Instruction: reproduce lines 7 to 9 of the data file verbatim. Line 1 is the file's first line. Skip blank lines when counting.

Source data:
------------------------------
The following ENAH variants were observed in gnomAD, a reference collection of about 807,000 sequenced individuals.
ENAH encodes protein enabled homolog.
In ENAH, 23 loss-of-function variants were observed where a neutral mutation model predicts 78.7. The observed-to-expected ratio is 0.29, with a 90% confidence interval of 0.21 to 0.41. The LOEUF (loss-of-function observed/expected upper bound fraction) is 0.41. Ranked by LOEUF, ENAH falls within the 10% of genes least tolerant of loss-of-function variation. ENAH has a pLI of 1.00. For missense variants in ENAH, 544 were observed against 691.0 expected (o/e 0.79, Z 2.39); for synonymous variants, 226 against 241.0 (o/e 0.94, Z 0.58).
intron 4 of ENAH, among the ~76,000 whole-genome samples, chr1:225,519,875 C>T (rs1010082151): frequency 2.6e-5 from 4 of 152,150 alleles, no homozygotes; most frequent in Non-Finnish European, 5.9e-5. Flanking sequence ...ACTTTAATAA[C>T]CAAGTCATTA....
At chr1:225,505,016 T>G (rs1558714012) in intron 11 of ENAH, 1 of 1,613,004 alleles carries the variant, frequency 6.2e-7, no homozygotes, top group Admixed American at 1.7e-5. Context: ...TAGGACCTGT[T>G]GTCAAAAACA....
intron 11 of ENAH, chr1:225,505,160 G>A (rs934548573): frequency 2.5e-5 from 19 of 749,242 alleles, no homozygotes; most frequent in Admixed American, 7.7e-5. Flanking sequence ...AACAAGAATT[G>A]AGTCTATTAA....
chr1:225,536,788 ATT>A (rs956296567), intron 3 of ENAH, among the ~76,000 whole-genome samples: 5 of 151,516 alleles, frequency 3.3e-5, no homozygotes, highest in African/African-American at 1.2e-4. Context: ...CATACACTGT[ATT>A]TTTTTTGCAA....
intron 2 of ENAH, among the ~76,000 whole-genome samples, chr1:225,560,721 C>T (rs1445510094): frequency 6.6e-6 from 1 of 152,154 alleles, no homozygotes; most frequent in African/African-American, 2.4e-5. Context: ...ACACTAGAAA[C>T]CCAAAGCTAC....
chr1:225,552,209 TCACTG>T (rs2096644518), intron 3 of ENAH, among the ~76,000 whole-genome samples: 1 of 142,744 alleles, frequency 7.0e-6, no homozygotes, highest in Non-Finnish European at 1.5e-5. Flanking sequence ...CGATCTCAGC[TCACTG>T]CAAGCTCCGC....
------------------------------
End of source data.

chr1:225,536,788 ATT>A (rs956296567), intron 3 of ENAH, among the ~76,000 whole-genome samples: 5 of 151,516 alleles, frequency 3.3e-5, no homozygotes, highest in African/African-American at 1.2e-4. Context: ...CATACACTGT[ATT>A]TTTTTTGCAA....
intron 2 of ENAH, among the ~76,000 whole-genome samples, chr1:225,560,721 C>T (rs1445510094): frequency 6.6e-6 from 1 of 152,154 alleles, no homozygotes; most frequent in African/African-American, 2.4e-5. Context: ...ACACTAGAAA[C>T]CCAAAGCTAC....
chr1:225,552,209 TCACTG>T (rs2096644518), intron 3 of ENAH, among the ~76,000 whole-genome samples: 1 of 142,744 alleles, frequency 7.0e-6, no homozygotes, highest in Non-Finnish European at 1.5e-5. Flanking sequence ...CGATCTCAGC[TCACTG>T]CAAGCTCCGC....